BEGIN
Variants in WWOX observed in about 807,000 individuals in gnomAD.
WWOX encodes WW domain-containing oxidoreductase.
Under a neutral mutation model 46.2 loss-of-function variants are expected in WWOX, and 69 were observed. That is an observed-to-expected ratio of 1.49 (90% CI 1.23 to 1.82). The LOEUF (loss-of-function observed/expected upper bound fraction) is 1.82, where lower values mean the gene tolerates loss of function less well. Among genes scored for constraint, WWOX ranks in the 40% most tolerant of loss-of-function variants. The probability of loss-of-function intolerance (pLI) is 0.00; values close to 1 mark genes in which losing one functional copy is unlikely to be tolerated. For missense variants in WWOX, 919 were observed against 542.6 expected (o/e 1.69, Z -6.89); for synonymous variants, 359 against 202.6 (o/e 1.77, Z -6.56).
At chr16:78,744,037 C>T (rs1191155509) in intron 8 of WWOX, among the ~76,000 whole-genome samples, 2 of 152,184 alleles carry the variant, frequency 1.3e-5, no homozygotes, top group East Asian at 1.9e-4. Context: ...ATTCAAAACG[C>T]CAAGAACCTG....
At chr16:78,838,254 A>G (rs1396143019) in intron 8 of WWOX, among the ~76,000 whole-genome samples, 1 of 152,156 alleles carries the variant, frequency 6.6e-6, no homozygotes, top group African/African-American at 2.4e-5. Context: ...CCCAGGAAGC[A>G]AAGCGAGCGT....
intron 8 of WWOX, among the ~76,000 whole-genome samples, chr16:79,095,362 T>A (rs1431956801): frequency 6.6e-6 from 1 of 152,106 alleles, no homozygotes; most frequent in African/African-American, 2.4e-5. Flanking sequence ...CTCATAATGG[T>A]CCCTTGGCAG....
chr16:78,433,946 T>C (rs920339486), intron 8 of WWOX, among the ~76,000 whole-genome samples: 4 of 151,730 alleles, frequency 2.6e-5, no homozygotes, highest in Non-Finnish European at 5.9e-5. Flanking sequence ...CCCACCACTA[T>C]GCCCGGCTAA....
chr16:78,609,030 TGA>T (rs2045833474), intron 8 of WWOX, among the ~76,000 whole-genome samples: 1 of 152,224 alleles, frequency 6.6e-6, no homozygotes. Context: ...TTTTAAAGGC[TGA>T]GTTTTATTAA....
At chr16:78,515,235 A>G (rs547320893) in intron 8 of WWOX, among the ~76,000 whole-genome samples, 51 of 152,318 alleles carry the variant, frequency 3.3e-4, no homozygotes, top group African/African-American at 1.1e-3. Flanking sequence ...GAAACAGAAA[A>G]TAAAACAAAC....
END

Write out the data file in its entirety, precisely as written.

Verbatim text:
Variants in WWOX observed in about 807,000 individuals in gnomAD.
WWOX encodes WW domain-containing oxidoreductase.
Under a neutral mutation model 46.2 loss-of-function variants are expected in WWOX, and 69 were observed. That is an observed-to-expected ratio of 1.49 (90% CI 1.23 to 1.82). The LOEUF (loss-of-function observed/expected upper bound fraction) is 1.82, where lower values mean the gene tolerates loss of function less well. Among genes scored for constraint, WWOX ranks in the 40% most tolerant of loss-of-function variants. The probability of loss-of-function intolerance (pLI) is 0.00; values close to 1 mark genes in which losing one functional copy is unlikely to be tolerated. For missense variants in WWOX, 919 were observed against 542.6 expected (o/e 1.69, Z -6.89); for synonymous variants, 359 against 202.6 (o/e 1.77, Z -6.56).
At chr16:78,744,037 C>T (rs1191155509) in intron 8 of WWOX, among the ~76,000 whole-genome samples, 2 of 152,184 alleles carry the variant, frequency 1.3e-5, no homozygotes, top group East Asian at 1.9e-4. Context: ...ATTCAAAACG[C>T]CAAGAACCTG....
At chr16:78,838,254 A>G (rs1396143019) in intron 8 of WWOX, among the ~76,000 whole-genome samples, 1 of 152,156 alleles carries the variant, frequency 6.6e-6, no homozygotes, top group African/African-American at 2.4e-5. Context: ...CCCAGGAAGC[A>G]AAGCGAGCGT....
intron 8 of WWOX, among the ~76,000 whole-genome samples, chr16:79,095,362 T>A (rs1431956801): frequency 6.6e-6 from 1 of 152,106 alleles, no homozygotes; most frequent in African/African-American, 2.4e-5. Flanking sequence ...CTCATAATGG[T>A]CCCTTGGCAG....
chr16:78,433,946 T>C (rs920339486), intron 8 of WWOX, among the ~76,000 whole-genome samples: 4 of 151,730 alleles, frequency 2.6e-5, no homozygotes, highest in Non-Finnish European at 5.9e-5. Flanking sequence ...CCCACCACTA[T>C]GCCCGGCTAA....
chr16:78,609,030 TGA>T (rs2045833474), intron 8 of WWOX, among the ~76,000 whole-genome samples: 1 of 152,224 alleles, frequency 6.6e-6, no homozygotes. Context: ...TTTTAAAGGC[TGA>T]GTTTTATTAA....
At chr16:78,515,235 A>G (rs547320893) in intron 8 of WWOX, among the ~76,000 whole-genome samples, 51 of 152,318 alleles carry the variant, frequency 3.3e-4, no homozygotes, top group African/African-American at 1.1e-3. Flanking sequence ...GAAACAGAAA[A>G]TAAAACAAAC....